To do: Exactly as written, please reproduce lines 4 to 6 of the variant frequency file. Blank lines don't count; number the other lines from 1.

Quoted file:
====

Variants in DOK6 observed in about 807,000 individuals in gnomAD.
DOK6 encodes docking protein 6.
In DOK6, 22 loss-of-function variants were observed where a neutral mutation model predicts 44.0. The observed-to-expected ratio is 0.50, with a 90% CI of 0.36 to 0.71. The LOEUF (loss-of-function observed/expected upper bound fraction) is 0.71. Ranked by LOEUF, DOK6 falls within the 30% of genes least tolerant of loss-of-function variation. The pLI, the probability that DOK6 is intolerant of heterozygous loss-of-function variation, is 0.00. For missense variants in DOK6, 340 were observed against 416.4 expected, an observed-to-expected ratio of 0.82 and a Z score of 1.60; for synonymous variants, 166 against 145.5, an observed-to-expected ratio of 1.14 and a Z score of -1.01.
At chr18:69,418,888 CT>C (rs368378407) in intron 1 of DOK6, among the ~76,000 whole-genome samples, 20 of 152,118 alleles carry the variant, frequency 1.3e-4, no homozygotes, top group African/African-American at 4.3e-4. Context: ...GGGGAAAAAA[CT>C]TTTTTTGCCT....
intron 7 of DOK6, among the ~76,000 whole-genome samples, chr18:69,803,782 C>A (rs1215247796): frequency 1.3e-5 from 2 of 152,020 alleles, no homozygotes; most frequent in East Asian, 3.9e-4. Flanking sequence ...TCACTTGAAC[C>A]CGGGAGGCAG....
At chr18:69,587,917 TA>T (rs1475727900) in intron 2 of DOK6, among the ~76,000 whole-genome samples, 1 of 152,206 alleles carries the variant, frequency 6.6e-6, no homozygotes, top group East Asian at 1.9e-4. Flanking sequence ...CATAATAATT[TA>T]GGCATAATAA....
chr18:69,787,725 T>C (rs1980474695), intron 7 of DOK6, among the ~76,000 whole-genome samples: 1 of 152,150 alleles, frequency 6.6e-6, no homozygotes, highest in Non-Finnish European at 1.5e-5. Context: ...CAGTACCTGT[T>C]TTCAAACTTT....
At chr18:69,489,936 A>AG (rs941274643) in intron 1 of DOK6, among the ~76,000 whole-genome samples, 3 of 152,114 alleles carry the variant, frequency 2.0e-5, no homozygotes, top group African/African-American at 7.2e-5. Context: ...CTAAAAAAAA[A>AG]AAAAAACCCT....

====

At chr18:69,418,888 CT>C (rs368378407) in intron 1 of DOK6, among the ~76,000 whole-genome samples, 20 of 152,118 alleles carry the variant, frequency 1.3e-4, no homozygotes, top group African/African-American at 4.3e-4. Context: ...GGGGAAAAAA[CT>C]TTTTTTGCCT....
intron 7 of DOK6, among the ~76,000 whole-genome samples, chr18:69,803,782 C>A (rs1215247796): frequency 1.3e-5 from 2 of 152,020 alleles, no homozygotes; most frequent in East Asian, 3.9e-4. Flanking sequence ...TCACTTGAAC[C>A]CGGGAGGCAG....
At chr18:69,587,917 TA>T (rs1475727900) in intron 2 of DOK6, among the ~76,000 whole-genome samples, 1 of 152,206 alleles carries the variant, frequency 6.6e-6, no homozygotes, top group East Asian at 1.9e-4. Flanking sequence ...CATAATAATT[TA>T]GGCATAATAA....